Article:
Guinea Bissau. Politically, the situation at the
beginning of the year seemed to be as locked as last year.
The conflicts originated in a power struggle that has been
going on since 2015 between the African State Guinea-Bissau
Independent Party and Cape Verde (PAIGC) and José José Mário
Vaz, who himself belongs to the PAIGC. The battles have
concerned the prime minister's post, and the party has
refused to accept the heads of government appointed by the
Last January, the Prime Minister since November 2016,
Umaro Sissoco Embaló resigned. In his stead, Artur Da Silva,
who also represents PAIGC, was appointed, but unlike Embaló,
lacked support from the Social Renewal Party (PRS), which
stood on the president's side during the conflict.
In January, Carlos Gomes Júnior also returned to his home
country after several years of exile in Portugal. Gomes
Júnior was prime minister and had received the most votes in
the first round of the 2012 presidential election when he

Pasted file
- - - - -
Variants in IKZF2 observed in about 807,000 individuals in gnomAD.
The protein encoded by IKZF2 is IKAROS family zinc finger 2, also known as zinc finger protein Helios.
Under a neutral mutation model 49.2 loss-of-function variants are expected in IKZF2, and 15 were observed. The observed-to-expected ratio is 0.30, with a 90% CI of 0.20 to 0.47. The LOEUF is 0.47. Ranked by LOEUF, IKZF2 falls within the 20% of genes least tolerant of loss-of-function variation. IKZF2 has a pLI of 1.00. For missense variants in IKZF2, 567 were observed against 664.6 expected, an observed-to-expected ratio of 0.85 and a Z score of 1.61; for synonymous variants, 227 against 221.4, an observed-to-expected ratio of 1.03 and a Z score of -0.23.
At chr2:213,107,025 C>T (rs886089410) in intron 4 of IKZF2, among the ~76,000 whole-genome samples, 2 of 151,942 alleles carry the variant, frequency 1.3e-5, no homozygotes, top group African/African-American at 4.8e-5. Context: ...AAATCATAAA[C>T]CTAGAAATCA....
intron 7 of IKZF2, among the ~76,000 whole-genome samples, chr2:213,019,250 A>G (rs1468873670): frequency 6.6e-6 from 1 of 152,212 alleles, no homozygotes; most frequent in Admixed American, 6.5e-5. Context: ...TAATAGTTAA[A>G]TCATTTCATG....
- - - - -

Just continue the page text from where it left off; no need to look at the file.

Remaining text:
was forced out of power in a military coup. He announced his
intention to be elected party leader in PAIGC but left the
country again when it did not become a reality.
Countryaah.com, the West African cooperation organization ECOWAS
threatened to impose sanctions on the country unless the
political crisis resolved, a threat that was set in motion
in February. 19 people who are close to President Vaz got
their assets frozen and were charged with travel bans. In
mid-April, the Prime Minister's post was again changed when
Aristides Gomes was appointed new head of government. Gomes
was also prime minister in 2005–07. At the same time,
parliamentary elections were announced until November. As
such should have actually been held in April, the National
Assembly extended its own mandate. The decision was made at
Parliament's first two-year meeting. A few weeks later, a
new collaboration government joined with ministers from both
PAIGC and PRS. In October, the elections were postponed
again, this time until January 2019.
At the end of August, the majority of the country's
13,000 public servants went on strike demanding a sharp
increase in minimum wages and better working conditions. The
strike was suspended in early August after an agreement on
wage increases was reached between the union union UNTG and
the state. In October, large sections of society were
paralyzed when owners of buses, taxis and trucks protested
against the substandard road network and the fact that
drivers were constantly forced to pay bribes to the police.
After an agreement to reduce the number of roadblocks, the
transport strike was canceled after a few days.